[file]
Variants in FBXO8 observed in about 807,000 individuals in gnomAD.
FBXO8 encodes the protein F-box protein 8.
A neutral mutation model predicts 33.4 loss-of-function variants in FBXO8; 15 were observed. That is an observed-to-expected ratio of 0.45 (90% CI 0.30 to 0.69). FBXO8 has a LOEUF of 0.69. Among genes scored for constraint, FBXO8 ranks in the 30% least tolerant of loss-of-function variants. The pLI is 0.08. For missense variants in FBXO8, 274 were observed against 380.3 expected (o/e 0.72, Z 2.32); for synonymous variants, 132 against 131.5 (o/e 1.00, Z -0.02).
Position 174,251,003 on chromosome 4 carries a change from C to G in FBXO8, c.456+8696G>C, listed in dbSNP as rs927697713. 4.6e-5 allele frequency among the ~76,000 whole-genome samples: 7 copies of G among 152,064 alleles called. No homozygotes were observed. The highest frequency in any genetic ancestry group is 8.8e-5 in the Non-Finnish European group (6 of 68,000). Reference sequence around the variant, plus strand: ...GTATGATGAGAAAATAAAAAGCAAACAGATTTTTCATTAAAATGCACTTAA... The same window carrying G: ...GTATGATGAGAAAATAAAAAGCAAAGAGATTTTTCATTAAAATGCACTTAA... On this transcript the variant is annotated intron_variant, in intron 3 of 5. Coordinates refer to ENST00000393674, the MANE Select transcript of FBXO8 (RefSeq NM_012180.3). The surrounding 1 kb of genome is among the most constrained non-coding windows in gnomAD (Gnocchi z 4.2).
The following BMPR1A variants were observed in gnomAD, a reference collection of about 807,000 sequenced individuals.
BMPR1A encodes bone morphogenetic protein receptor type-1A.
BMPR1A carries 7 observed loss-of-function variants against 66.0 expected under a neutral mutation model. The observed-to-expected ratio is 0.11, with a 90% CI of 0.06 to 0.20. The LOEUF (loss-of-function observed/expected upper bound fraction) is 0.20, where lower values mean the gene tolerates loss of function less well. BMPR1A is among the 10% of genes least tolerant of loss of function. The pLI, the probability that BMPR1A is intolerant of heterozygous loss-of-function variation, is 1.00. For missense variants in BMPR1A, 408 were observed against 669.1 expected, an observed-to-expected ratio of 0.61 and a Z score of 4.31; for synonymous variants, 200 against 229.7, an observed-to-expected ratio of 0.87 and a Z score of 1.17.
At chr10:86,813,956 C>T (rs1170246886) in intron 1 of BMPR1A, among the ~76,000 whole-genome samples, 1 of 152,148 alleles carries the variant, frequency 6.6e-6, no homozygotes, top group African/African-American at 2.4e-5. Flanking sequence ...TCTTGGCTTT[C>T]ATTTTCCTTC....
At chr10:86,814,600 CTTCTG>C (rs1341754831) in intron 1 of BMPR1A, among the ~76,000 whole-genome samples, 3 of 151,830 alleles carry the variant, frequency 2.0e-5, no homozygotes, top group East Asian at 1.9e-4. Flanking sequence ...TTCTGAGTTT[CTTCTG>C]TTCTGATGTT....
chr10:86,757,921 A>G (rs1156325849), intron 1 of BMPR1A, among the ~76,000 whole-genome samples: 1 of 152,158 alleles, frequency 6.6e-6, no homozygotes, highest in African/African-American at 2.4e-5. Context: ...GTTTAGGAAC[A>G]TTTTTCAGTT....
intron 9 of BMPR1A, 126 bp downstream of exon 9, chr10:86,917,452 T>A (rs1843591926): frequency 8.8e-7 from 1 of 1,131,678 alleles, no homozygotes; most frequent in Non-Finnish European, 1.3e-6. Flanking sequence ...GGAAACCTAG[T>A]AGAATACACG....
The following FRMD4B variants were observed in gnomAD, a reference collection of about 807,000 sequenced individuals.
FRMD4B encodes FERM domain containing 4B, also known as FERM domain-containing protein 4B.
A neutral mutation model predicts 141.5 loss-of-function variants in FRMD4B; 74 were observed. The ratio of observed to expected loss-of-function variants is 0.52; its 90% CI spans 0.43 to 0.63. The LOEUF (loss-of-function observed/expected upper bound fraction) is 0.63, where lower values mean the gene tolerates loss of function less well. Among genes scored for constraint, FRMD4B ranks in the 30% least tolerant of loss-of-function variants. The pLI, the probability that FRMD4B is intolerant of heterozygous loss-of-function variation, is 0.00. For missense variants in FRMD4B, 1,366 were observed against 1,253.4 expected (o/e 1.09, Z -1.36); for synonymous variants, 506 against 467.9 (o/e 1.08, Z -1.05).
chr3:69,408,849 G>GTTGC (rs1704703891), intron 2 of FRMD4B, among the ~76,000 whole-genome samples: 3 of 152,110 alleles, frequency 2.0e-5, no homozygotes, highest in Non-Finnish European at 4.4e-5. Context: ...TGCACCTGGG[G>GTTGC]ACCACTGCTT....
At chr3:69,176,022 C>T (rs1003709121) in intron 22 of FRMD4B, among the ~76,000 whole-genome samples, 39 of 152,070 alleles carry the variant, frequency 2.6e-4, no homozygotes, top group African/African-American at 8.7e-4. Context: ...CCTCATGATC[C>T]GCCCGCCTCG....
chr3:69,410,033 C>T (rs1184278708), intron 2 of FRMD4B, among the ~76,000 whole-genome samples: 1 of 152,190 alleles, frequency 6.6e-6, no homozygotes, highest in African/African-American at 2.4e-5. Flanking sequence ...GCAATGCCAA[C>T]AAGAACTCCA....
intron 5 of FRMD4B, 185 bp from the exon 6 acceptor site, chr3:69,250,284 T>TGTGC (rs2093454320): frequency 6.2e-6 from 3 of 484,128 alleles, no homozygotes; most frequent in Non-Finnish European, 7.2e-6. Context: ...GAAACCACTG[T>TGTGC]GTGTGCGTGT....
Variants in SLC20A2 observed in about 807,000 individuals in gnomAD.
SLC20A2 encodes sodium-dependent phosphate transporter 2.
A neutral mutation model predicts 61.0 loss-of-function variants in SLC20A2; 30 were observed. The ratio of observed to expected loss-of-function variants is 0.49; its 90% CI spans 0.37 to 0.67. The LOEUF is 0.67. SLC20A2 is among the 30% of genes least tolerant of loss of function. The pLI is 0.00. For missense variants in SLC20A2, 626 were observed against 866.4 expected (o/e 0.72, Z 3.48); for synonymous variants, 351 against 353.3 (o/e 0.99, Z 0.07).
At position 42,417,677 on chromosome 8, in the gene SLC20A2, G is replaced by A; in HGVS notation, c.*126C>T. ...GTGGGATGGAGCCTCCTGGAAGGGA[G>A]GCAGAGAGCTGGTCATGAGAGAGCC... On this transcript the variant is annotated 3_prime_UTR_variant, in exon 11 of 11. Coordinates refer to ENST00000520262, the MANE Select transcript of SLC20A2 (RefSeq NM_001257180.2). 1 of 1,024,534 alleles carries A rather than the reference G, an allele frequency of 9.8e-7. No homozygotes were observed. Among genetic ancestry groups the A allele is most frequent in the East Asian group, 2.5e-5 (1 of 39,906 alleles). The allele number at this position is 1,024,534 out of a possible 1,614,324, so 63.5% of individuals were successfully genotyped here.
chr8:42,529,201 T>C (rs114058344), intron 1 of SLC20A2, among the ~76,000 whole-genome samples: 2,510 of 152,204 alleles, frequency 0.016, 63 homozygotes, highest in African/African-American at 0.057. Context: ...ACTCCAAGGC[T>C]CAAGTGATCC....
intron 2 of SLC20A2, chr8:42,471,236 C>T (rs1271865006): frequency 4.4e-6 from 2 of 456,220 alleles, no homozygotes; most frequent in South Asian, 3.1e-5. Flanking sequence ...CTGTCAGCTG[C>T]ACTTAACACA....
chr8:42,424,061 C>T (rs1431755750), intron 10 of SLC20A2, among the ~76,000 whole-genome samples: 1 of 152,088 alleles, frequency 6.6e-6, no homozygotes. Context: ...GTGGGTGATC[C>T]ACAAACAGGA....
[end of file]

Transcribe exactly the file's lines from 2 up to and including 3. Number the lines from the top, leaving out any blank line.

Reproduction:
FBXO8 encodes the protein F-box protein 8.
A neutral mutation model predicts 33.4 loss-of-function variants in FBXO8; 15 were observed. That is an observed-to-expected ratio of 0.45 (90% CI 0.30 to 0.69). FBXO8 has a LOEUF of 0.69. Among genes scored for constraint, FBXO8 ranks in the 30% least tolerant of loss-of-function variants. The pLI is 0.08. For missense variants in FBXO8, 274 were observed against 380.3 expected (o/e 0.72, Z 2.32); for synonymous variants, 132 against 131.5 (o/e 1.00, Z -0.02).